The modernization of the Russian submarine fleet will threaten North America for years to come, she said.

The command also must be vigilant and prepared to meet other threats, including dealing with terrorism and the effects of natural or manmade disasters.

“As we review the 2017 hurricane response and prepare for the 2018 season, we are working with our mission partners, to include the active, guard [and] reserve forces, to incorporate the lessons learned to ensure that we provide our best support to lead federal agencies,” she said. “With respect to Canada, we are building interoperability across domains, with a tri-command framework that's comprised of Northcom, NORAD and Canadian Joint Operations Command. This arrangement allows further planning, integration, while preserving our ability to conduct unilateral missions.”
The military-to-military relationship with Mexico is “unbelievably strong,” Robinson said. “We focus on illuminating the pathways used to transit illicit goods,” she said. “Theater security cooperation is -- essential part of strengthening continental defense, and builds relationships essential for future cooperation.”

Pentagon Releases New Policy on Nondeployable Members



By Lisa Ferdinando DoD News, Defense Media Activity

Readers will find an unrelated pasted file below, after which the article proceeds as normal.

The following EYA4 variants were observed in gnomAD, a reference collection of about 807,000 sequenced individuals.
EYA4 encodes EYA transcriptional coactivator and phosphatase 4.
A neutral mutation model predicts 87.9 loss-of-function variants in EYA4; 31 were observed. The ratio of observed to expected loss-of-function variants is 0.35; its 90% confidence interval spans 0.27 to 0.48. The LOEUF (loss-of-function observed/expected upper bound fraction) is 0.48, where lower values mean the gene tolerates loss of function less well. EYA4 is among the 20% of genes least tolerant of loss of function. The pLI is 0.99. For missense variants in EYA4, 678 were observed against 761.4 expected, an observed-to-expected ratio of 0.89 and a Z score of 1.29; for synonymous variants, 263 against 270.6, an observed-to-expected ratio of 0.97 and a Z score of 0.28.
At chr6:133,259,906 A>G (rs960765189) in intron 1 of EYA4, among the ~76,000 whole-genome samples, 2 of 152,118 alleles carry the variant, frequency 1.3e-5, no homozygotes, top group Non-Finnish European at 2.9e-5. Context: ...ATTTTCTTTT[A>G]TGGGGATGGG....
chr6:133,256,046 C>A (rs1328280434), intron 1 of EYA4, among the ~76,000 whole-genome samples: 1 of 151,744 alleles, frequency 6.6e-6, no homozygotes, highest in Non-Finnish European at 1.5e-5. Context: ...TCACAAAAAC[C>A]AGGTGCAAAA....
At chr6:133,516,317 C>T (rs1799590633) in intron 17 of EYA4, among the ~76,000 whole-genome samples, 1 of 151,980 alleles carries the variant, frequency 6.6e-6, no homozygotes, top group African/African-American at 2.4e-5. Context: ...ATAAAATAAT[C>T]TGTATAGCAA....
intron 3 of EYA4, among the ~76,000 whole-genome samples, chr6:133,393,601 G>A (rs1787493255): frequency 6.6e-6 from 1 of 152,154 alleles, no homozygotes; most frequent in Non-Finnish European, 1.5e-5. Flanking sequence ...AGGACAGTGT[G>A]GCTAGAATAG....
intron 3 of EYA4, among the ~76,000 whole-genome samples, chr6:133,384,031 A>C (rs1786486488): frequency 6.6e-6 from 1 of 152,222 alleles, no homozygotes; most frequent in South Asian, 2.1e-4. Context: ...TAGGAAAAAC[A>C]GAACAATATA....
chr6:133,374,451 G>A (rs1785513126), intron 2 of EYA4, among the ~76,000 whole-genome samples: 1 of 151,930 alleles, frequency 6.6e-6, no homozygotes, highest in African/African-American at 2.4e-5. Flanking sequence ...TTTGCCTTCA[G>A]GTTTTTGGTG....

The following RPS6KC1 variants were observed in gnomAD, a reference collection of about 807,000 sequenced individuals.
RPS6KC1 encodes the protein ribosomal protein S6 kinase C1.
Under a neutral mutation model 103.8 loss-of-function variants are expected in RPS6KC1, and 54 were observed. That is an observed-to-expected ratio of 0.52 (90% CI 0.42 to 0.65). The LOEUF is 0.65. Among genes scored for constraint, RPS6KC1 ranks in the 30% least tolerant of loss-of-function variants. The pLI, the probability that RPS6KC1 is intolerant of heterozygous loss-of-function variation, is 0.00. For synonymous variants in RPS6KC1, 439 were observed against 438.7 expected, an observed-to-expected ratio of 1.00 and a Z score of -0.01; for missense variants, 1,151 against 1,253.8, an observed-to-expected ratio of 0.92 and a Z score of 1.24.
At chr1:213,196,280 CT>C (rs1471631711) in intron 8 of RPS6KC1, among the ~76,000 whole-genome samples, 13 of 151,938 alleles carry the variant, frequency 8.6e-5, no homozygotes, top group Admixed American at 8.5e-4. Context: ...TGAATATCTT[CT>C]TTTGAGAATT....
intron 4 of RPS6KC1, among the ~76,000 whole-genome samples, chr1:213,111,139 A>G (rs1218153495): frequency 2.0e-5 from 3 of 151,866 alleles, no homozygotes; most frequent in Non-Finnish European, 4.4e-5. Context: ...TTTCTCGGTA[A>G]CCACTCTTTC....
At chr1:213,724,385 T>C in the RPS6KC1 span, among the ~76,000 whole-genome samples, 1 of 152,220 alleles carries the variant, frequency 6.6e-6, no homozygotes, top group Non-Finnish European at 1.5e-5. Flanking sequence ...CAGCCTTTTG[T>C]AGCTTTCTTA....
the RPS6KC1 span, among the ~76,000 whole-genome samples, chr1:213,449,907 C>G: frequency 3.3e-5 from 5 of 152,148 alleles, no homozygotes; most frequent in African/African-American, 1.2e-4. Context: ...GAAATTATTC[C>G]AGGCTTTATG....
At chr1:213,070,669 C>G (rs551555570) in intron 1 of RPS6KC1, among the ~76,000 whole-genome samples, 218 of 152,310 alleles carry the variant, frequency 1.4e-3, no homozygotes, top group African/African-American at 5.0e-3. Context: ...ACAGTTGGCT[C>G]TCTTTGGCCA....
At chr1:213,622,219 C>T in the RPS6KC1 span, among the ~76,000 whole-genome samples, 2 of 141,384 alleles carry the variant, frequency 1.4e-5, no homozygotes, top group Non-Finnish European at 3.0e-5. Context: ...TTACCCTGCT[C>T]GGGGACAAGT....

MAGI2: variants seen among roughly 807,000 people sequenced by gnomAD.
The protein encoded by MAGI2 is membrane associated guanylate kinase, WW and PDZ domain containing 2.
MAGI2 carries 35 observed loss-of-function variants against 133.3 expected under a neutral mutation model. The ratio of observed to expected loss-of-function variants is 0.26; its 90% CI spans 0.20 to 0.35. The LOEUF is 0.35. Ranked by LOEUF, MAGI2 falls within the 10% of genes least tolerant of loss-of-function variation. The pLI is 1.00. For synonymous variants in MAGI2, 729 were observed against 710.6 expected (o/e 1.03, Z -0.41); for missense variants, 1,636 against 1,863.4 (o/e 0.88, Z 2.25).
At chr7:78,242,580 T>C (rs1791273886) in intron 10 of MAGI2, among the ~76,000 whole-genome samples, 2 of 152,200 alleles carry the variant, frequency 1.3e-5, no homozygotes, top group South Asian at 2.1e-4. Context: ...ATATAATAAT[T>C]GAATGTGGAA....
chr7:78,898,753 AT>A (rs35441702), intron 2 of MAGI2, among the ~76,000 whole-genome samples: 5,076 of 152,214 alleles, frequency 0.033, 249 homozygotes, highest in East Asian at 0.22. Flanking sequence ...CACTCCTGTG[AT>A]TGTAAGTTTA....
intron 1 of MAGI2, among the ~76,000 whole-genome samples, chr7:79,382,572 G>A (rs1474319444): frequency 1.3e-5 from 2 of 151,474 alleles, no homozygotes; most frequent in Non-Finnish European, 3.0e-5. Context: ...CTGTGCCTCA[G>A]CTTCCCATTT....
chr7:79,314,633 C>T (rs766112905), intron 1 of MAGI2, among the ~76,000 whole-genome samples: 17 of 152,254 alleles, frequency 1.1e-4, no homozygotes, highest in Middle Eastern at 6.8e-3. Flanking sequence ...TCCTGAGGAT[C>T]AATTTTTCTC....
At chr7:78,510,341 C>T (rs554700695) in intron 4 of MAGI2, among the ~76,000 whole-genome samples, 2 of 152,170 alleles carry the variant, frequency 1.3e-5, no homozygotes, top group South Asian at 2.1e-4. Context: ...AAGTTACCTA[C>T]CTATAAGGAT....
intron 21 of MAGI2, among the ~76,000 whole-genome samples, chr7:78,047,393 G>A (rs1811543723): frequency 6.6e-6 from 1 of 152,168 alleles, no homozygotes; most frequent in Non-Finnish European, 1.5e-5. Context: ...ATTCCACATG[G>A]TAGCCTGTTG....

WASHINGTON, Feb. 16, 2018 — The Defense Department has released a new policy on military retention for nondeployable service members as it seeks to provide more ready and lethal forces, the undersecretary of defense for personnel and readiness told Congress yesterday.
Ships sail in formation in the Persian Gulf.

"The situation we face today is really unlike anything that we have faced, certainly in the post-World War II era," Robert Wilkie told the Senate Armed Services Committee’s personnel subcommittee.

On any given day, about 286,000 service members -- 13 to 14 percent of the total force – are nondeployable, Wilkie said at a hearing on military and civilian personnel programs and military family readiness.

Defense Secretary James N. Mattis in July tasked the Office of the Undersecretary of Defense for Personnel and Readiness with developing policies to ensure everyone who enters the military and those who remain in the military are worldwide deployable, he explained.

Service members who have been nondeployable for more than 12 consecutive months will be processed for administrative separation or referred to the disability evaluation system, he said.

"This new policy is a 12-month ‘deploy-or-be-removed’ policy," he said, noting there are exceptions, such as pregnancy and postpartum conditions. Medical boards will review the medical status of those who have been wounded, he said.

“We need to look at the force holistically,” he said. “We have to ensure given the climate that this country faces that everyone who signs up can be deployed to any corner of the world at any given time, and that is the reason for the change in policy."

Focus on Readiness, Lethality